This has always been true. Modern life, with cities and the inventions which belittle time and space, has only made it more apparent and action upon it more pressing. No one can think with penetration upon the results of education who does not come at last to a fuller vision of the interdependence of men. That men shall live less and less each for himself, more and more each for the common good, is not merely a consequence of increasing numbers on the earth, but an essential condition of human progress, in the individual as well as in society. It is a poor and meager culture which does not end in greater power to serve. To become a man is to become capable of living effectively with others and for all, in the normal relationships of life—not in subservience to custom, but in devotion to a welfare larger than one’s own, a welfare at least not incompatible, in the end, with the welfare of the world. It is not enough to say that the common interest is at stake in the education of every child; the very process of education is properly a training for effective membership in the common life.

Such is the reasoning behind the great outlay of public money on schools, libraries, museums, and other educational agencies. Civilized communities undertake education as a part of their proper business, not as a charity, but as a necessary public function. Schools are tax supported and education is compulsory. The state claims final authority to prescribe standards and to supervise even private educational ventures. It calls on all citizens for their full support in this task of conserving and developing human resources. It considers every taxpayer as much in duty bound to support ultimate social improvement through education as to direct social improvement through public enterprises of any other sort. Personal return cannot be taken into the account; the good to be achieved is primarily a public good, in which the childless also share. And the problems of education are problems of public policy, involving the whole theory of the state, of government, of the social order, and of civic progress.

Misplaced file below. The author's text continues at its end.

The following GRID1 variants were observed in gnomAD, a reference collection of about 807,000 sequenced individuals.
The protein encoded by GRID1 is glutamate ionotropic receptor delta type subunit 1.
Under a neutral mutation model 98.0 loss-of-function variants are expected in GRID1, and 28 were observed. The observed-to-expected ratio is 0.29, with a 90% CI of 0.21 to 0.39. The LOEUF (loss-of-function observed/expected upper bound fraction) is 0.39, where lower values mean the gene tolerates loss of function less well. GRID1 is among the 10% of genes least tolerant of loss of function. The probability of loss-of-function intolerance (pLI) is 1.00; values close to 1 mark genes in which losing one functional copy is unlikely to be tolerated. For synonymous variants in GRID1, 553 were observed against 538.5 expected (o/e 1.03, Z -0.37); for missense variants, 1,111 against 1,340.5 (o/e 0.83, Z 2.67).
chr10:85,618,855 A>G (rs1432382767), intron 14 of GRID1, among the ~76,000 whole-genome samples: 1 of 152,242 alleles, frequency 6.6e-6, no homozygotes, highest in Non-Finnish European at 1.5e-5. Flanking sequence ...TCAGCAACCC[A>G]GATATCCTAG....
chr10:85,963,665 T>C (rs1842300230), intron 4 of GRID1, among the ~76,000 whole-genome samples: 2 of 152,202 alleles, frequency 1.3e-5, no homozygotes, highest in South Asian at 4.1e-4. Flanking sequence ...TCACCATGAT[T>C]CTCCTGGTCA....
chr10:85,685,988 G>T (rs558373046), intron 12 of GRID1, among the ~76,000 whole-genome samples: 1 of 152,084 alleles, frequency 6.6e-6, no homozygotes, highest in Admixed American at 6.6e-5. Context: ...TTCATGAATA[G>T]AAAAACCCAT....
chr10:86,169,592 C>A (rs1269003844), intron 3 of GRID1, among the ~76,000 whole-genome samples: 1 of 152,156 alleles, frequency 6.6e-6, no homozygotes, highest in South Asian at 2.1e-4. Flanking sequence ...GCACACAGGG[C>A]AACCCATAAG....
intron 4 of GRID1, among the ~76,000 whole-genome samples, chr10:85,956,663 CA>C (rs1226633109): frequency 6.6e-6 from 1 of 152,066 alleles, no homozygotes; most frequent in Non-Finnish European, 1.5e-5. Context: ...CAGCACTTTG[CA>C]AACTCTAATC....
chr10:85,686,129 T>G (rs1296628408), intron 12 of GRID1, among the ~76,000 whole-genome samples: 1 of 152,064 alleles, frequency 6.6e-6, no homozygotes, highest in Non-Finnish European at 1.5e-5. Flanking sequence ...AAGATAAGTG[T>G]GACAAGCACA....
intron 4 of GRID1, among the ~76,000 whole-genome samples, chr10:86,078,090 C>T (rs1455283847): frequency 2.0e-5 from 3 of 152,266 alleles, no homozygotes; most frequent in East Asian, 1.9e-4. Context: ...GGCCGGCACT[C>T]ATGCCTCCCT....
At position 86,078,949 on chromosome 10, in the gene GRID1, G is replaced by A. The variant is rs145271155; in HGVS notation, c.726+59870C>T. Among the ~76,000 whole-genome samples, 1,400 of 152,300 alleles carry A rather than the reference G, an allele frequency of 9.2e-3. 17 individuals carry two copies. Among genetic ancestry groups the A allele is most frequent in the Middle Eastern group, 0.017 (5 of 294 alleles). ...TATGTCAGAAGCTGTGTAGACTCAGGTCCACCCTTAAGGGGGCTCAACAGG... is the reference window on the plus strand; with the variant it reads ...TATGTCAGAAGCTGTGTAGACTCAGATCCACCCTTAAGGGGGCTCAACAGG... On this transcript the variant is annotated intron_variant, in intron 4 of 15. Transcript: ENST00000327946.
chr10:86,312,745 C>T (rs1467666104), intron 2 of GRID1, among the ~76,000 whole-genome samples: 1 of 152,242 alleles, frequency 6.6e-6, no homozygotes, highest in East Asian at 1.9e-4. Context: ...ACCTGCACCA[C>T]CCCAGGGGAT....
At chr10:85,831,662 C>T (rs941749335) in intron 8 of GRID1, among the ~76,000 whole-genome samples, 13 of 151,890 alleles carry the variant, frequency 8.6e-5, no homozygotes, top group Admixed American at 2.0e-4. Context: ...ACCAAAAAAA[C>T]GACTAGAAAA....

All educational questions have thus become increasingly complex. The character of modern life makes even well-rounded personal development a matter of much difficulty, for the life of the individual child is in some ways narrower to-day than it was in simpler times. To secure for modern children the full exercise of body, intellect, imagination, sympathy, and will is in itself a task which calls for insight, energy, and cooperation, to say nothing of money. Yet to provide for the formal cultivation of personal capacities, faculties, and powers, is by no means to solve the problem of education, even for a given child. The results may happen to be good, but the problem has not been solved, for it has not been adequately stated.

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